“What does this mean? That He changes the law? No! That the law is at the service of man, who is at the service of God – and so man ought to have an open heart. ‘It’s always been done this way’ is a closed heart, and Jesus tells us, ‘I will send you the Holy Spirit and He will lead you into the fullness of truth.’ If you have a heart closed to the newness of the Spirit, you will never reach the full truth. And your Christian life will be a half-and-half life, a patched life, mended with new things, but on a structure that is not open to the voice of the Lord—a closed heart, so that you are not able to change others.”

 

 

Once again a bizarre interpretation.  God gave a command and Saul failed to carry it out.  The passage has nothing to do with what the Pope is arguing.

 

 

 

 
This, the Pope emphasized, was the sin of Saul, for which he was rejected by God. “It is the sin of so many Christians who cling to what has always been done and who do not allow others to change. And they end up with half a life, [a life that is] patched, mended, meaningless.” The sin, he said, “is a closed heart,” that “does not hear the voice of the Lord, that is not open to the newness of the Lord, to the Spirit that always surprises us.” This rebellion, says Samuel, is “the sin of divination,” and obstinacy is the sin of idolatry:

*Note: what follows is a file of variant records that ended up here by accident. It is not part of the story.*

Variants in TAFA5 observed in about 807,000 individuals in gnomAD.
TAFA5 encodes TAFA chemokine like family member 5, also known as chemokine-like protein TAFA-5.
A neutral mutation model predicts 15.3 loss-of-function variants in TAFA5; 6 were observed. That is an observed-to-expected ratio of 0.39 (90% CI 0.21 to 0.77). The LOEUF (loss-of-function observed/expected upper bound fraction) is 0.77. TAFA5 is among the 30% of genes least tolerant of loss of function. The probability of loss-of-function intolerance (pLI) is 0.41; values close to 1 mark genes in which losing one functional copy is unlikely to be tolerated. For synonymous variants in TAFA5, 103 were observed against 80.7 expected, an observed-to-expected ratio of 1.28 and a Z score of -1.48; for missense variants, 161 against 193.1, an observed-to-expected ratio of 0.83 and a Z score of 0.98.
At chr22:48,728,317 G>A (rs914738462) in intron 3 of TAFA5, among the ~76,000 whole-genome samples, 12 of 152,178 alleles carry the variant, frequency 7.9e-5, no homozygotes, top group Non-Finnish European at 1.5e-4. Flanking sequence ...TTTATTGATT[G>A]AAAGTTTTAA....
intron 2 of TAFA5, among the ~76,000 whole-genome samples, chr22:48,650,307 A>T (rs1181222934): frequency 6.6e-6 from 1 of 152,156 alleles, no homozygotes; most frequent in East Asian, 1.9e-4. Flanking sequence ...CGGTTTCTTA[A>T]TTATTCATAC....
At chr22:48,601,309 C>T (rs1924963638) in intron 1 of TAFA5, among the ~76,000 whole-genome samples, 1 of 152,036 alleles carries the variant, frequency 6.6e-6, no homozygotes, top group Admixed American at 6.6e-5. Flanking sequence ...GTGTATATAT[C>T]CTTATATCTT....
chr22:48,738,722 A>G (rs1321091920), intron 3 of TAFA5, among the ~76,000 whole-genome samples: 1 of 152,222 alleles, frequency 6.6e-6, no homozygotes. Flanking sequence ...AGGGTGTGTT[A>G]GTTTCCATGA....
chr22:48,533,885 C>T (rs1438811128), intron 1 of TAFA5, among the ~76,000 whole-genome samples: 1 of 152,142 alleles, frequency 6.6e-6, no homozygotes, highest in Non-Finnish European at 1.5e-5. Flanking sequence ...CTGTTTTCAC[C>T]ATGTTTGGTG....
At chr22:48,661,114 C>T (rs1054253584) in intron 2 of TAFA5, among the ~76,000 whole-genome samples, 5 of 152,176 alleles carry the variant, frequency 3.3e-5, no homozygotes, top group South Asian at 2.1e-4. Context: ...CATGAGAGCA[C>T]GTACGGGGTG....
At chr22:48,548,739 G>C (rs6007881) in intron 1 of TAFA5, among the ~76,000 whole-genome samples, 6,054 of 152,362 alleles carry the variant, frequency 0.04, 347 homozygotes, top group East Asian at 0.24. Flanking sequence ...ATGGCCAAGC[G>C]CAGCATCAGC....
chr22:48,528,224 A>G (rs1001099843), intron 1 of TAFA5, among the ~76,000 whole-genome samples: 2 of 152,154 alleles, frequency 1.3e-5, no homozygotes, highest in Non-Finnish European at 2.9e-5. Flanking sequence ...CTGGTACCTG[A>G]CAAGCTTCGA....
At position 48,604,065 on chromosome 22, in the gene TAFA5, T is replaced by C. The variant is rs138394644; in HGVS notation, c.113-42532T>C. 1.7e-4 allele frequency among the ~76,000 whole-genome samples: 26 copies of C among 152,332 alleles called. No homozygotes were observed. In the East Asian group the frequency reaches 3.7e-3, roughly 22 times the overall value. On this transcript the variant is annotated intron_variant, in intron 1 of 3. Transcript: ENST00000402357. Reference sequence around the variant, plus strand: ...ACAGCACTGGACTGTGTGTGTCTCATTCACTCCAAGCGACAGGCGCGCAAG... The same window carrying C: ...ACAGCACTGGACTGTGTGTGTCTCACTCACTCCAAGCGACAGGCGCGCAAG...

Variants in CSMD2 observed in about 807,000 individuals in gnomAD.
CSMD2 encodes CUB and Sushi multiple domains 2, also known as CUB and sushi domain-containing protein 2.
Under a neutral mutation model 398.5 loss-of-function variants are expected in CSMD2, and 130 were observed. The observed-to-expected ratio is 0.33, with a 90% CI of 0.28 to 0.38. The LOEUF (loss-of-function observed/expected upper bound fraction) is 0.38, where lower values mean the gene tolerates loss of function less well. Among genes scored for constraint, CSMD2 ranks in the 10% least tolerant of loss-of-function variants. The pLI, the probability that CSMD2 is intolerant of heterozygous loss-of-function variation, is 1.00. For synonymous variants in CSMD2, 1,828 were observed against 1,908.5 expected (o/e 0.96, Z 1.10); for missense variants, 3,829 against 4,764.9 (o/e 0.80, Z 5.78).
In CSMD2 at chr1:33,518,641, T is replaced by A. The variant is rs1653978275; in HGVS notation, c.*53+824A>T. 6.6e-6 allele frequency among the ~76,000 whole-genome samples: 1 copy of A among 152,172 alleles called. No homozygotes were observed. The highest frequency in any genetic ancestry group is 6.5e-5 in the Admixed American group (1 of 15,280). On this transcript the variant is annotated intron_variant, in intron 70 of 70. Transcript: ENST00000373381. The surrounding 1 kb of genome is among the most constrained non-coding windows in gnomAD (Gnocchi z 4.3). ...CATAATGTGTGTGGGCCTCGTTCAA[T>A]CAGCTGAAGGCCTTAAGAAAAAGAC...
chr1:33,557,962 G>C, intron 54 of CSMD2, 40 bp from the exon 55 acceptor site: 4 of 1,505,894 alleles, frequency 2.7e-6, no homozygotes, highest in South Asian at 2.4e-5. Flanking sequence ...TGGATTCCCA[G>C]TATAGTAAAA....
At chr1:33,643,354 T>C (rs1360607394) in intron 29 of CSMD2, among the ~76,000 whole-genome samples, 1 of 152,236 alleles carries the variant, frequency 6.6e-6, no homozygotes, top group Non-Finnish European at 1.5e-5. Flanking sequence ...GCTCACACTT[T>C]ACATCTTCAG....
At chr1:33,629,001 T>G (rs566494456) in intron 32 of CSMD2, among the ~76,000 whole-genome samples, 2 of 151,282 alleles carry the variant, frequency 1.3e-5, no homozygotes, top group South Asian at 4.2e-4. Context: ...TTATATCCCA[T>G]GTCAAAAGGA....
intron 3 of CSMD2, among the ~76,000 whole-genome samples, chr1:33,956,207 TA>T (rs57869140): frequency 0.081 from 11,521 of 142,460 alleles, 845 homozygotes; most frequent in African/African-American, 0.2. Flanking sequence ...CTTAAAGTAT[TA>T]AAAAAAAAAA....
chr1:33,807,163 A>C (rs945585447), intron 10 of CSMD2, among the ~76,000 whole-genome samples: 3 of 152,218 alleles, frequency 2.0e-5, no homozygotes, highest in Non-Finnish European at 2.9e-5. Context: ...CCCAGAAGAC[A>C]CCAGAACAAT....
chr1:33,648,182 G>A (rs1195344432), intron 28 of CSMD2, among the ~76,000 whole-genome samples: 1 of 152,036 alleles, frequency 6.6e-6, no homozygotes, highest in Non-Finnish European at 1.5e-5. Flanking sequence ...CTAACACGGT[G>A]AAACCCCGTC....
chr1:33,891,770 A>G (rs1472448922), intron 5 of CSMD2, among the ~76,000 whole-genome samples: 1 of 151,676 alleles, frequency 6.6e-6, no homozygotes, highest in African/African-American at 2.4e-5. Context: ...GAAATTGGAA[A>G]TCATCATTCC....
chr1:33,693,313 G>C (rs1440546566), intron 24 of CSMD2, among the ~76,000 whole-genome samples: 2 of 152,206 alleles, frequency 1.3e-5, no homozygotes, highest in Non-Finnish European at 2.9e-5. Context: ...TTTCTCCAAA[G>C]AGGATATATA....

Saul was rejected by God because he did not heed the commands of God as conveyed by Samuel. God commanding the annihilation of an enemy population was not a new teaching as a cursory reading of earlier passages in the Old Testament would clearly indicate.